I loved Juan Pablo Villalobos’ first novel in English, DOWN THE RABBIT HOLE, and his second, QUESADILLAS, is another gem of dark social satire. I can’t print the first line of this novel. Suffice it to say, it is explicit and a clear harbinger of things to come. QUESADILLAS is a novel about the struggles of a poor Mexican family--a family whose social and economic lives, and the economic life of Mexico, are displayed by the amount of quesadillas their mother can afford. There’s a lot of children in this family, by the way, so if you get two quesadillas, things are going pretty badly. Five? Eh, things are looking up. There are fabulous insults in this book: to each other, to the government, and even to oneself. There’s also alien spacecrafts, religious pilgrims, and a plethora of “your mama” jokes. This isn’t lowbrow, though; this is an indictment of a government bedeviled by fraud and an economy that can’t sustain itself or look after its own. Like all good satire, there’s a reason, a purpose, and a heart behind the laughs.


Almost Never Cover Image
By Daniel Sada, Katherine Silver (Translator)
$16.00
ISBN: 9781555976095
Availability: On Our Shelves Now
Published: Graywolf Press - April 10th, 2012

Daniel Sada was a giant in Mexico. A literary legend. Sadly, ALMOST NEVER is Sada’s only work in English, the translation just nearing completion when he died in 2011. The story is simple: a young man must choose whether to marry the prostitute he visits each week, or whether to court the young, provincial girl he meets when he goes back home for a wedding. Sada’s writing is dense, funny, and relentless: pages upon pages of unsurpassable prose, a parade of different voices and a cacophony of invention. A small, minute thought can end up meandering for pages (to the reader’s delight), which brilliantly exemplifies the narrator’s indecision. The story is simple, but the way it is told is not. Let’s hope more of Sada’s work will be translated into English in the future. He is a treasure.


Hypothermia Cover Image
By Alvaro Enrigue, Brendan Riley (Translator)
$14.50
ISBN: 9781564788733
Availability: On Our Shelves Now
Published: Dalkey Archive Press - May 2nd, 2013

The stories that make up Enrigue’s first collection in English are varied, bold, and startling for their range as much as their originality. They take place mostly in the United States, peopled by professors and professionals, and in ways both obvious and not-so-obvious, they deal with the immigrant experience. Gringos are mentioned in several stories, and an English-speaking reader immersed in the story will very likely find themselves nodding, Yeah, we are like that, aren’t we? A husband and father on vacation. A deranged garbage man. A family on a bike ride in Washington D.C. caught in a vicious storm. The possibilities of these situations offer Enrigue myriad opportunities to entertain and thrill, and he misses none. The table of contents at the front of the book has the stories grouped by subtitles, and for good reason: the sheer variety of these stories makes for adventurous reading. One is never certain what sort of story awaits them next. This, of course, makes the book exhilarating. The final section, “Two Waltzes Toward Civilization,” follows a Mexican chef who has been invited to compete in a television cooking show in Peru. What follows--told in first person--is by turns hilarious, thrilling, and very sexual. I caught myself thinking I was in the middle of a novel I didn’t want to end. Speaking of novels, Enrigue’s first in English, SUDDEN DEATH, will be published in 2015, and anyone who reads HYPOTHERMIA will be waiting anxiously for its arrival.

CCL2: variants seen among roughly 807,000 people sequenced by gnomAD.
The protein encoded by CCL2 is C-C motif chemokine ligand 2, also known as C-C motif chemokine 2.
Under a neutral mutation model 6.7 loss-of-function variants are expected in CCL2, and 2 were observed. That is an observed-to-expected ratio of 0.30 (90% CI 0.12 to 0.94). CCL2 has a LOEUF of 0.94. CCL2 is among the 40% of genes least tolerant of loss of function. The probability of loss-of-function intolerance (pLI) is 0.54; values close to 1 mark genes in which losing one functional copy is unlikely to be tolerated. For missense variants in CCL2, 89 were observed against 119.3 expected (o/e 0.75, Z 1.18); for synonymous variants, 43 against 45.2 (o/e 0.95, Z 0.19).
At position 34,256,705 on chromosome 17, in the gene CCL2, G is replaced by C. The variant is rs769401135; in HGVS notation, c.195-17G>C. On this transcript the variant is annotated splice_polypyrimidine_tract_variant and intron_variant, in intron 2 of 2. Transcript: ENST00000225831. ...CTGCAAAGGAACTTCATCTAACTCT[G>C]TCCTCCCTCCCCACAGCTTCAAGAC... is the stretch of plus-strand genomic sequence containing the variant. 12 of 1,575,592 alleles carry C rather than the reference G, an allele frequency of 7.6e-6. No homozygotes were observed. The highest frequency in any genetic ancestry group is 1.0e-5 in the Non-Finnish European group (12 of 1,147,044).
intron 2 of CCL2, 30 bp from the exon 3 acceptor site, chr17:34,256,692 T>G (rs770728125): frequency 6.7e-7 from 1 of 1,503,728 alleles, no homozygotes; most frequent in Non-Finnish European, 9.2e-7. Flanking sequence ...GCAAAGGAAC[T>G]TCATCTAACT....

Natural Histories Cover Image
$18.95
ISBN: 9781609805517
Availability: Special Order - Subject to Availability
Published: Seven Stories Press - June 10th, 2014

Quiet. Haunting. Surreal. The stories that make up Guadalupe Nettel’s collection NATURAL HISTORIES are subtle, yet they stay with you long after reading. The simplest way to describe these stories is to say they are about the relationships we have with one another and the animals in our lives, but that’s selling them short. Very short. Nettel’s characters are often found at moments of emotional distress. The way we act, behave, and treat ourselves in these instances says a lot about human nature. Is Nettel writing about human nature or animal nature? Or is she writing about the animal inside each of us? In any case, characters have epiphanies with the help of their animal counterparts. In “The Marriage of a Red Fish,” a woman witnesses the collapse of her marriage through the lens of a pair of Siamese fighting fish, whose fatal cohabitation reflects the actions of the husband and wife. Other stories are more subtle and perverse, exploring how the natural world dictates our lives. The English speaking world will be able to read her memoir THE BODY WHERE I WAS BORN in 2015. Additionally, this November, Nettel was awarded Anagrama’s prestigious Herralde Prize, whose past winners include Roberto Bolaño and Álvaro Enrigue. I am excited to read everything by this author.